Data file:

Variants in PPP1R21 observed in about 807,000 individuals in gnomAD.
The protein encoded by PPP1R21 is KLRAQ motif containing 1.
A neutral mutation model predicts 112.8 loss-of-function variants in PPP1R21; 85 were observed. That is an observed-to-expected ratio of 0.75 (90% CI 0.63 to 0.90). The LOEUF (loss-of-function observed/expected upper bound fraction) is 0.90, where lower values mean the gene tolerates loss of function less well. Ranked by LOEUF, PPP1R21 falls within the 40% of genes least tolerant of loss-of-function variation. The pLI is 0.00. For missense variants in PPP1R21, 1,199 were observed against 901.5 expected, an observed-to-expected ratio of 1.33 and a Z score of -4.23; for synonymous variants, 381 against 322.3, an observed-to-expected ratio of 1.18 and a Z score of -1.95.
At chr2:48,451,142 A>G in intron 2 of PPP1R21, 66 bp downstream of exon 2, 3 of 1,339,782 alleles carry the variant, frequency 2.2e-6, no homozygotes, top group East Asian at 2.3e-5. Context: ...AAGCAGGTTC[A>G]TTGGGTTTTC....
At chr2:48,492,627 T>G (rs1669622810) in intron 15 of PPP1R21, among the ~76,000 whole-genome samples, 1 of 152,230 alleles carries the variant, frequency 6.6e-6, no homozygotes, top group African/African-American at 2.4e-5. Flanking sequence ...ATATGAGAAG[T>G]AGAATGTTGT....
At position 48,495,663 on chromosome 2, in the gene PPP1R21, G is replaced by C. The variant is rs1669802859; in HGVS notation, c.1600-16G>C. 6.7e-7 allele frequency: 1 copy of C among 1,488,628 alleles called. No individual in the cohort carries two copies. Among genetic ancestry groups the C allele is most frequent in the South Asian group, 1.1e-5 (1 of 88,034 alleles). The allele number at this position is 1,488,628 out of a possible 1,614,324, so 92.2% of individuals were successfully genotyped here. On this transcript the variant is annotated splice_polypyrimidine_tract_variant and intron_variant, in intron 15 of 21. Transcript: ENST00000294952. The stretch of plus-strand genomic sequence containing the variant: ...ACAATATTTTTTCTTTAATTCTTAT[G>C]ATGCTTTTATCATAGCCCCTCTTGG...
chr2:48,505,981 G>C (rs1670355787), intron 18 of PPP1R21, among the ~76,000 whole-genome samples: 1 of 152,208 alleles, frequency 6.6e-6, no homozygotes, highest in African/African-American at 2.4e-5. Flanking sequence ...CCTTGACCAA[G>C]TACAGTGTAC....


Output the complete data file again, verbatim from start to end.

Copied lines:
Variants in PPP1R21 observed in about 807,000 individuals in gnomAD.
The protein encoded by PPP1R21 is KLRAQ motif containing 1.
A neutral mutation model predicts 112.8 loss-of-function variants in PPP1R21; 85 were observed. That is an observed-to-expected ratio of 0.75 (90% CI 0.63 to 0.90). The LOEUF (loss-of-function observed/expected upper bound fraction) is 0.90, where lower values mean the gene tolerates loss of function less well. Ranked by LOEUF, PPP1R21 falls within the 40% of genes least tolerant of loss-of-function variation. The pLI is 0.00. For missense variants in PPP1R21, 1,199 were observed against 901.5 expected, an observed-to-expected ratio of 1.33 and a Z score of -4.23; for synonymous variants, 381 against 322.3, an observed-to-expected ratio of 1.18 and a Z score of -1.95.
At chr2:48,451,142 A>G in intron 2 of PPP1R21, 66 bp downstream of exon 2, 3 of 1,339,782 alleles carry the variant, frequency 2.2e-6, no homozygotes, top group East Asian at 2.3e-5. Context: ...AAGCAGGTTC[A>G]TTGGGTTTTC....
At chr2:48,492,627 T>G (rs1669622810) in intron 15 of PPP1R21, among the ~76,000 whole-genome samples, 1 of 152,230 alleles carries the variant, frequency 6.6e-6, no homozygotes, top group African/African-American at 2.4e-5. Flanking sequence ...ATATGAGAAG[T>G]AGAATGTTGT....
At position 48,495,663 on chromosome 2, in the gene PPP1R21, G is replaced by C. The variant is rs1669802859; in HGVS notation, c.1600-16G>C. 6.7e-7 allele frequency: 1 copy of C among 1,488,628 alleles called. No individual in the cohort carries two copies. Among genetic ancestry groups the C allele is most frequent in the South Asian group, 1.1e-5 (1 of 88,034 alleles). The allele number at this position is 1,488,628 out of a possible 1,614,324, so 92.2% of individuals were successfully genotyped here. On this transcript the variant is annotated splice_polypyrimidine_tract_variant and intron_variant, in intron 15 of 21. Transcript: ENST00000294952. The stretch of plus-strand genomic sequence containing the variant: ...ACAATATTTTTTCTTTAATTCTTAT[G>C]ATGCTTTTATCATAGCCCCTCTTGG...
chr2:48,505,981 G>C (rs1670355787), intron 18 of PPP1R21, among the ~76,000 whole-genome samples: 1 of 152,208 alleles, frequency 6.6e-6, no homozygotes, highest in African/African-American at 2.4e-5. Flanking sequence ...CCTTGACCAA[G>C]TACAGTGTAC....